Studies related to Thermic effect of food (TEF) and Vegan Diet

Effect Of A Low-Fat Vegan Diet On Body Weight, Insulin Sensitivity, Postprandial Metabolism, And Intramyocellular And Hepatocellular Lipid Levels In Overweight Adults: A Randomized Clinical Trial

Effect Increase
Values Thermic effect of food increased in the intervention group by 14.1% (95% CI, 6.5-20.4; P < .001) compared to baseline after 16 weeks of eating a low-fat vegan diet.
Trial Design Randomized trial
Trial Length 1-6 months
Number of Subjects 244
Sex Both Genders
Age Range 18-29, 30-44, 45-64, 65+
Body Types Obese, Overweight
Notes for this study:
In this 16-week randomized controlled trial, 244 obese participants were told to either follow a low-fat vegan diet or make no diet changes. The researchers then assessed the changes in body weight, insulin resistance, postprandial metabolism, and lipid levels after 12 weeks compared to baseline and between the groups.

After 16 weeks, the vegan diet group lost 5.9 kg of body weight and showed improved insulin sensitivity, as shown by a HOMA-IR decrease of -1.3. Hepatocellular lipid levels decreased by 34% while intramyocellular lipids (meaning, the lipids stored in fat droplets of muscle cells) were reduced by 10%. Also, the thermic effect of food was increased by 14% in the vegan diet group. In contrast, none of these variables changed significantly in the control group over the 16 weeks.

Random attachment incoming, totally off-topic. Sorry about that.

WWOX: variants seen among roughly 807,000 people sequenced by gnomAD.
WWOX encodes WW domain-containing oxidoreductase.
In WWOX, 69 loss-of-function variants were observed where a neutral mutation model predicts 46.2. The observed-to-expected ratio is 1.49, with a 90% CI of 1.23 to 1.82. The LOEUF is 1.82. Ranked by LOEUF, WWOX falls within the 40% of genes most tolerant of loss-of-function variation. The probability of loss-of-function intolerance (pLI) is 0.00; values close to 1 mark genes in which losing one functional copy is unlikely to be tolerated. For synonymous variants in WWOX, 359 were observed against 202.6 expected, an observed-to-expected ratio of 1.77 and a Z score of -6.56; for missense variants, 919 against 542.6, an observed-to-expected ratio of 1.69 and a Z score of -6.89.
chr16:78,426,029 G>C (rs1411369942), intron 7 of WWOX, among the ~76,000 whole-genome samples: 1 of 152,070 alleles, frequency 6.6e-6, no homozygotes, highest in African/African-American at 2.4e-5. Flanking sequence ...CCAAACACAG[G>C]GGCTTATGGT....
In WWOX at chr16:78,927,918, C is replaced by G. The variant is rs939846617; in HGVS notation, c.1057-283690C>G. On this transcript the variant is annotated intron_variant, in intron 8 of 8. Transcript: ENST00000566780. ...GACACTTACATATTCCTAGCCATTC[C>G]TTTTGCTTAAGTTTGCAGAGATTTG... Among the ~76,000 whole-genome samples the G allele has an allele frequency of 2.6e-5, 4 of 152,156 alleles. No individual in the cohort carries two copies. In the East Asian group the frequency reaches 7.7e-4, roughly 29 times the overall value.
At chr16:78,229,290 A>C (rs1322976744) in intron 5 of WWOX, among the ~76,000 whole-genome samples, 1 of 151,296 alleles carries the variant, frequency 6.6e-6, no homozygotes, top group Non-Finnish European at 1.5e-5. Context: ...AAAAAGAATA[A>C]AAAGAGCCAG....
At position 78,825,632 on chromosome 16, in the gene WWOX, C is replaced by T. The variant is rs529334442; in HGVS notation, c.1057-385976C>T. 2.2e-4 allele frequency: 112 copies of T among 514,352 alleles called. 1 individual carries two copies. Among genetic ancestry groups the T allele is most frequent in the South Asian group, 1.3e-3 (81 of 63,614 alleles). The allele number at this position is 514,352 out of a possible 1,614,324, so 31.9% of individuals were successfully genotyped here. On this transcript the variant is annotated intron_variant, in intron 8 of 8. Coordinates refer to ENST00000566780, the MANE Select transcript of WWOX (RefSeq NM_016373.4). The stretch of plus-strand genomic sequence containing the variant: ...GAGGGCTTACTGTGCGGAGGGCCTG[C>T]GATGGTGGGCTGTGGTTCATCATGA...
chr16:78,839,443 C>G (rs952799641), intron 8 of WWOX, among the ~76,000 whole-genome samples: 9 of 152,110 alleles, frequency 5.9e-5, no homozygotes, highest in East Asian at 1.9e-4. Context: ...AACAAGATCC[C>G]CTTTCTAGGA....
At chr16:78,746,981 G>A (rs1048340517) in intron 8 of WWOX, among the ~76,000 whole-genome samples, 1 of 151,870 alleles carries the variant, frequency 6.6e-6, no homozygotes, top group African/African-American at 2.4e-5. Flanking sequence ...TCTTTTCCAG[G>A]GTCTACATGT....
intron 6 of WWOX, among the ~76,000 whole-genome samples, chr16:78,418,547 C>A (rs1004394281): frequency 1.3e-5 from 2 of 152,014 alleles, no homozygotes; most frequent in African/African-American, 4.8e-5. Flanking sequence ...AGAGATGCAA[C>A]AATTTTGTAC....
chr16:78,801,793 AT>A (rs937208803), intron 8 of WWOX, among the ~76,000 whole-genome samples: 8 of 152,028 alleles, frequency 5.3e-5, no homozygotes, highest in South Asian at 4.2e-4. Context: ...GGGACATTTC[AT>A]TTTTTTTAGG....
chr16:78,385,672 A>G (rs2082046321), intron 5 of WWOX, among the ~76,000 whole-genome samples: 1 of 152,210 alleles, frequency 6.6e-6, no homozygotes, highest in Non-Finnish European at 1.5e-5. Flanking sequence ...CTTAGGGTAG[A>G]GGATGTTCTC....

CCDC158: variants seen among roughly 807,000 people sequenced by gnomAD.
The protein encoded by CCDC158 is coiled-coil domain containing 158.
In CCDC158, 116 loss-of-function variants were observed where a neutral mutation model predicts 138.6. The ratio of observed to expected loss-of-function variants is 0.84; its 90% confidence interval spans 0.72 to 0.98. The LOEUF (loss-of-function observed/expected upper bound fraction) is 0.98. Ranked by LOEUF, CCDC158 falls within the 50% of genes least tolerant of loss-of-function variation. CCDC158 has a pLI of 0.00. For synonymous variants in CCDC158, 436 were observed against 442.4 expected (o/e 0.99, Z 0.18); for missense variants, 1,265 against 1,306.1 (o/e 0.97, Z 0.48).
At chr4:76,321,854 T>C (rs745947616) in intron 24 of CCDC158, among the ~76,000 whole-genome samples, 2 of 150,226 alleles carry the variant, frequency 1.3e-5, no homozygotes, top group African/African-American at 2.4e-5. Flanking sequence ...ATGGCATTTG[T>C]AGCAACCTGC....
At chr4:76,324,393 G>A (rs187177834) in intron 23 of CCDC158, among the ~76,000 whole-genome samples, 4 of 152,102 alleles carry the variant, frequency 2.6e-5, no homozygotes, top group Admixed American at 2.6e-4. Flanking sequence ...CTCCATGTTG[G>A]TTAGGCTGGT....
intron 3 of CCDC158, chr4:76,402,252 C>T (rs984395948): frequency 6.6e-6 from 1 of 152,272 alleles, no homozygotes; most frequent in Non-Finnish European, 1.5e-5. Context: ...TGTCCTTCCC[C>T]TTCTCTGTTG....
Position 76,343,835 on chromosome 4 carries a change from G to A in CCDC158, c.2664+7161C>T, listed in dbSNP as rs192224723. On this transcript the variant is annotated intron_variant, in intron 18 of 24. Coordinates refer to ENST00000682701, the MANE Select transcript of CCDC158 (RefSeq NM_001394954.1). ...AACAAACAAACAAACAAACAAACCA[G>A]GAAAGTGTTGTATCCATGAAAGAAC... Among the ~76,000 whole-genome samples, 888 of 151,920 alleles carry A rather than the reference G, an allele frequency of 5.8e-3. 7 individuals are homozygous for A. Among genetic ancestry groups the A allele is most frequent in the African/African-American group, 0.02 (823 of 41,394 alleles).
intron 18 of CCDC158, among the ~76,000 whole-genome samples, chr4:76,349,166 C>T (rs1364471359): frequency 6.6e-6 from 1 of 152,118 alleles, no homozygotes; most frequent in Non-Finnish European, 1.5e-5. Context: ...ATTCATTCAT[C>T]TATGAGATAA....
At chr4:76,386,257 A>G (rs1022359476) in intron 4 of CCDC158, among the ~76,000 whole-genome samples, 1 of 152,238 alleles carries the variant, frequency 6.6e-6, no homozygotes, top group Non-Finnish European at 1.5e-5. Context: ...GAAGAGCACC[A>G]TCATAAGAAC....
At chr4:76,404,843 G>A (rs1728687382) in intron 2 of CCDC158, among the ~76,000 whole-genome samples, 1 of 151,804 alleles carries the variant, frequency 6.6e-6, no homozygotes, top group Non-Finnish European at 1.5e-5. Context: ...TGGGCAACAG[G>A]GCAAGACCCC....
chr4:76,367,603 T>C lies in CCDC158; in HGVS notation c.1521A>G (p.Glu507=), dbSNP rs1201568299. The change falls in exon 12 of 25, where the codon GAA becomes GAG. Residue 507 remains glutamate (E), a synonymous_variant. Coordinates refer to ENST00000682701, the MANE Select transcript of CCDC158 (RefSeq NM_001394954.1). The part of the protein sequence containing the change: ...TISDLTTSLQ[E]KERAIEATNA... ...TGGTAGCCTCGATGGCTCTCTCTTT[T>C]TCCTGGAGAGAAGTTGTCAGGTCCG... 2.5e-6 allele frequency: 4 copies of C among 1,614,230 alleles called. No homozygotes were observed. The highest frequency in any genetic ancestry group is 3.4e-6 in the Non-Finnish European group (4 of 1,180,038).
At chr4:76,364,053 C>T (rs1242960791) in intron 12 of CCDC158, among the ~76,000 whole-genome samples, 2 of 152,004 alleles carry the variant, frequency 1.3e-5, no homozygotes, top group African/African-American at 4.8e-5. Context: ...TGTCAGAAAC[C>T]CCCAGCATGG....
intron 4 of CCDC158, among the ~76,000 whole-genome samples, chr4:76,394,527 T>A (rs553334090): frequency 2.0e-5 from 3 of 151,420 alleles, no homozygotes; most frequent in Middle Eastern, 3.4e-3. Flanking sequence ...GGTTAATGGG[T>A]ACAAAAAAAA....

Overall, a low-fat vegan diet reduced body weight and lipid levels and improved insulin sensitivity and the thermic effect of food in overweight and obese adults compared to no dietary changes in a control group.
Funding issues for this study:
Conflict of Interest Disclosures: Dr Kahleova reported being director of clinical research at the Physicians Committee, a nonprofit organization that provides nutrition education and research. Dr Rembert reported compensation from the Physicians Committee for Responsible Medicine outside the submitted work. Dr Holubkov reported receiving personal fees from the Physicians Committee for Responsible Medicine during the conduct of the study. Dr Barnard reported to serving as president of the Physicians Committee for Responsible Medicine and Barnard Medical Center; receiving royalties from Hachette Book Group, Penguin Random House, Rodale, and Da Capo publishers; and receiving honoraria from Yale, Rush, George Washington, Loma Linda, Rockford Universities, Montefiore Medical Center, the Mayo Clinic, Northwell Health, Christiana Care, Oticon, and the National Organization of Professional Athletes. No other disclosures were reported.

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